Jerusalem Haredi protesters flee after women strip down to bras
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Jerusalem Haredi protesters flee after women strip down to bras

Ultra-Orthodox males demonstrating against Eurovision Shabbat ‘desecration’ leave scene rather than look at immodestly clad females

Women who took their tops off at a protest by ultra-Orthodox men in Jerusalem on May 18, 2019. (screenshot)
Women who took their tops off at a protest by ultra-Orthodox men in Jerusalem on May 18, 2019. (screenshot)

Scores of police in Jerusalem backed up by officers on horseback trying to break up an ultra-Orthodox street protest Saturday got some help from an unexpected quarter — women who took their tops off, driving away the protesters, who are religiously forbidden from looking at them.

Hundreds of ultra-Orthodox men and boys clashed with police Saturday afternoon, blocking traffic and attacking officers during a protest against Shabbat transgression by workers preparing the Eurovision Song Contest final in Tel Aviv on the Jewish day of rest.

As protesters blocked roads beside an ultra-Orthodox area in the center of the city, at least four women stripped down to their bras, forcing the protesters to leave the area due to the prohibition against looking at women in dress deemed immodest.

Ultra-Orthodox men protest in smaller numbers every Saturday in that part of Jerusalem, where a few cafes and restaurants are open on Shabbat, and the women who confronted them work in those establishments.

Although the broadcast of the Eurovision finale started after the Sabbath,  rehearsals and production preparations took place earlier in the day. The issuing of work permits for the event led an ultra-Orthodox political party to temporarily suspend coalition negotiations and sparked the Saturday protest in the capital.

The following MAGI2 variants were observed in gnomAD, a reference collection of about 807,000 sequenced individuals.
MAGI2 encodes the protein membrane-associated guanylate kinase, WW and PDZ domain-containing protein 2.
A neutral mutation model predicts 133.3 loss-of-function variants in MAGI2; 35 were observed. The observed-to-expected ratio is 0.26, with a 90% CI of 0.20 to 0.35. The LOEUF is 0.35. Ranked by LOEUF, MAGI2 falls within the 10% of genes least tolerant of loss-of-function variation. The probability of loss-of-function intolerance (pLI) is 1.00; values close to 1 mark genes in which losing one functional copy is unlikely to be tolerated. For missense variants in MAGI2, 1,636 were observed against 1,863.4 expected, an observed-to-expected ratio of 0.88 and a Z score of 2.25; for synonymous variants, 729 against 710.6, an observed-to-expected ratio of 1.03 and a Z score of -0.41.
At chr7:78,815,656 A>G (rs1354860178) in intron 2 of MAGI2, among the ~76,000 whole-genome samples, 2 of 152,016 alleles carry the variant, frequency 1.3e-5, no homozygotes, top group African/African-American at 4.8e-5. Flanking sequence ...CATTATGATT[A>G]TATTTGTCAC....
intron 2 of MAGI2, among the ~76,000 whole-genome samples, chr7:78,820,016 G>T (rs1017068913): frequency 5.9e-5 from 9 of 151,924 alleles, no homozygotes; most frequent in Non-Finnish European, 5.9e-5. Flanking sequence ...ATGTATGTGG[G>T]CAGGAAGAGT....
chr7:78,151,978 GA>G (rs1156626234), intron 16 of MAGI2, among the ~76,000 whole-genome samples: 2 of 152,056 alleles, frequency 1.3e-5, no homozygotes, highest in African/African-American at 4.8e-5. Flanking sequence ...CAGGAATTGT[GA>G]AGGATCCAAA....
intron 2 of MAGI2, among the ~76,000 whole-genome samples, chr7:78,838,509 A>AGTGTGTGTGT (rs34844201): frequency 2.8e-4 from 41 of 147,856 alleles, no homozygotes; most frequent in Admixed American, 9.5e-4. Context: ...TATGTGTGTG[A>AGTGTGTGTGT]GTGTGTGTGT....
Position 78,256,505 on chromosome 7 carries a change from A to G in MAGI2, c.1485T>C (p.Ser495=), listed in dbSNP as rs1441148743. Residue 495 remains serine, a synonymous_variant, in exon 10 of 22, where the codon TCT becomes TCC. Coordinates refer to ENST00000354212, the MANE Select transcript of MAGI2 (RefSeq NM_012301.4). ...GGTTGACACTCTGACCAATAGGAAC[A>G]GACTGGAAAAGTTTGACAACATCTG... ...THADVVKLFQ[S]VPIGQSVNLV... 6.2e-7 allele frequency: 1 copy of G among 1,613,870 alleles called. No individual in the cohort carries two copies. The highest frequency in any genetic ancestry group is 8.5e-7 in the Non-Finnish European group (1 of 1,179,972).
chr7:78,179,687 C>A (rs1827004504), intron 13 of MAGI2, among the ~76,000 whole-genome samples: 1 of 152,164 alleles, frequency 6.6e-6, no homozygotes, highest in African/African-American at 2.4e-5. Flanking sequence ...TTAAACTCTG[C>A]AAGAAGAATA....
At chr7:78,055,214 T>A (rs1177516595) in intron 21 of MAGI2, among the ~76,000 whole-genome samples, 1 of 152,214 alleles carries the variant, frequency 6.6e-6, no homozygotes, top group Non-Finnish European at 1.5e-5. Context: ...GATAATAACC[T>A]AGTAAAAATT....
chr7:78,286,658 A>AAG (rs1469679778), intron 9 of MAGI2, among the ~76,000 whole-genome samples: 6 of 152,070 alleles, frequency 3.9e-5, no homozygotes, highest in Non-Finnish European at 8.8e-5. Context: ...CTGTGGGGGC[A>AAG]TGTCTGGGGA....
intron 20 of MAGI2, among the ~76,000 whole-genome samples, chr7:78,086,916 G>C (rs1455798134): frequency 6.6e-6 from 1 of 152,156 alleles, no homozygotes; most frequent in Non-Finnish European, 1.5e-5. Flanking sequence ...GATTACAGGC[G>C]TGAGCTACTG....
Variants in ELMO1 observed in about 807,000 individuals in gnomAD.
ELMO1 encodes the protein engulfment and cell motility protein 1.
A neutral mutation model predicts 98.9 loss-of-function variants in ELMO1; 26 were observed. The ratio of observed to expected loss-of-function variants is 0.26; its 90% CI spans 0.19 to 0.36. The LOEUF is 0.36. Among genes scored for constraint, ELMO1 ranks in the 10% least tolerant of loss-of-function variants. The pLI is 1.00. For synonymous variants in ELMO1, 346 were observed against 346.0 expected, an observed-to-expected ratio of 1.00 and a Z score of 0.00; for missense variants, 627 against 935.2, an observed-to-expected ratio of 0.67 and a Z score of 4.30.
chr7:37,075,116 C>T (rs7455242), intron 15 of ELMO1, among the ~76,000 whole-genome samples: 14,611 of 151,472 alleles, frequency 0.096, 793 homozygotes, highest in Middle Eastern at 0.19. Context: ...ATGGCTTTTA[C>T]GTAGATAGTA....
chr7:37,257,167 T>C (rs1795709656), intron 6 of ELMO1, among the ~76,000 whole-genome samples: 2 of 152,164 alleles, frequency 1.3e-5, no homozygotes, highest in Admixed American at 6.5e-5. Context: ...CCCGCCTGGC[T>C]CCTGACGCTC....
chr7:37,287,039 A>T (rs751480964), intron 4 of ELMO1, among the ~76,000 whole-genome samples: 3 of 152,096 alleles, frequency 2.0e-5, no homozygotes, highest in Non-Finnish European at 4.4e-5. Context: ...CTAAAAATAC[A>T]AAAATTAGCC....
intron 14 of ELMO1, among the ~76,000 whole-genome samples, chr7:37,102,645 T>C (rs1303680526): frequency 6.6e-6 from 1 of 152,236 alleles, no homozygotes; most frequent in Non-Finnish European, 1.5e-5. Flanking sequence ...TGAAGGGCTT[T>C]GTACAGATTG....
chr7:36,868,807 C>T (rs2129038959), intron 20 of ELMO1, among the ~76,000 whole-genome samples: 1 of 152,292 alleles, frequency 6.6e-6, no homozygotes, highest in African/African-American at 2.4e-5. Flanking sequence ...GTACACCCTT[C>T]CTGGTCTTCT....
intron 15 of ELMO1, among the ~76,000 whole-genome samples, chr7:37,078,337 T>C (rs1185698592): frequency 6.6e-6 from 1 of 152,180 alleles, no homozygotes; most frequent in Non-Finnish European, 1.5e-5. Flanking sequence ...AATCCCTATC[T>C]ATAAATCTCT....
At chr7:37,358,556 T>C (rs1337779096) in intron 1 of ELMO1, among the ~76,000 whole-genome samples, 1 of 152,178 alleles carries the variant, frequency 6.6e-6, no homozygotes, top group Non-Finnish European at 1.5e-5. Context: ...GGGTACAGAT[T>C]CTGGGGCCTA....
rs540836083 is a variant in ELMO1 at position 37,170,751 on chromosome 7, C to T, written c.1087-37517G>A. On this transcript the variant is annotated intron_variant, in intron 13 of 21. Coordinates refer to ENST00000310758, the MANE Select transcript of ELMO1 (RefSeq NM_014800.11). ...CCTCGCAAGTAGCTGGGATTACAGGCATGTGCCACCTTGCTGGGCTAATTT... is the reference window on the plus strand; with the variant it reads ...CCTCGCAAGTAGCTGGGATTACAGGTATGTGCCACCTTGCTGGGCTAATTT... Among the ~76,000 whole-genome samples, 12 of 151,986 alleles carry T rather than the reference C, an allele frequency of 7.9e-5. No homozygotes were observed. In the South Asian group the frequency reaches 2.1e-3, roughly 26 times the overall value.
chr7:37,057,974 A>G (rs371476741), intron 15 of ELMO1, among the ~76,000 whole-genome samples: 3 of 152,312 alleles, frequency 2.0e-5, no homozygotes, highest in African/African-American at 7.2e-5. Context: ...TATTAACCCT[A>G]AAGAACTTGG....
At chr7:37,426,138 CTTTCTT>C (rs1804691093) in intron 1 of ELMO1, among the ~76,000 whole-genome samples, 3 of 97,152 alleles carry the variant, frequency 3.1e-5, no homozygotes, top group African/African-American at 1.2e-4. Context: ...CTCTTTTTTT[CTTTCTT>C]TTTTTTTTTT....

Ultra-Orthodox Jews strictly respect religious law prohibiting work on Shabbat, the weekly day of rest, from sundown Friday until nightfall Saturday.

Ahead of the Eurovision final, one of Israel’s chief rabbis called for those who keep Shabbat to extend their observance of the holy day by 20 minutes in response to the “great desecration.”

Some ultra-Orthodox Jews object to photos of women, even when clothed, in public places or media on grounds of modesty. For decades there have been repeated incidents of posters featuring women defaced in the capital and other cities.

An ultra-Orthodox Jewish man walks past a vandalized billboard in Jerusalem where women’s faces have been blotted out, November 2, 2017. (Noam Revkin Fenton/Flash90)
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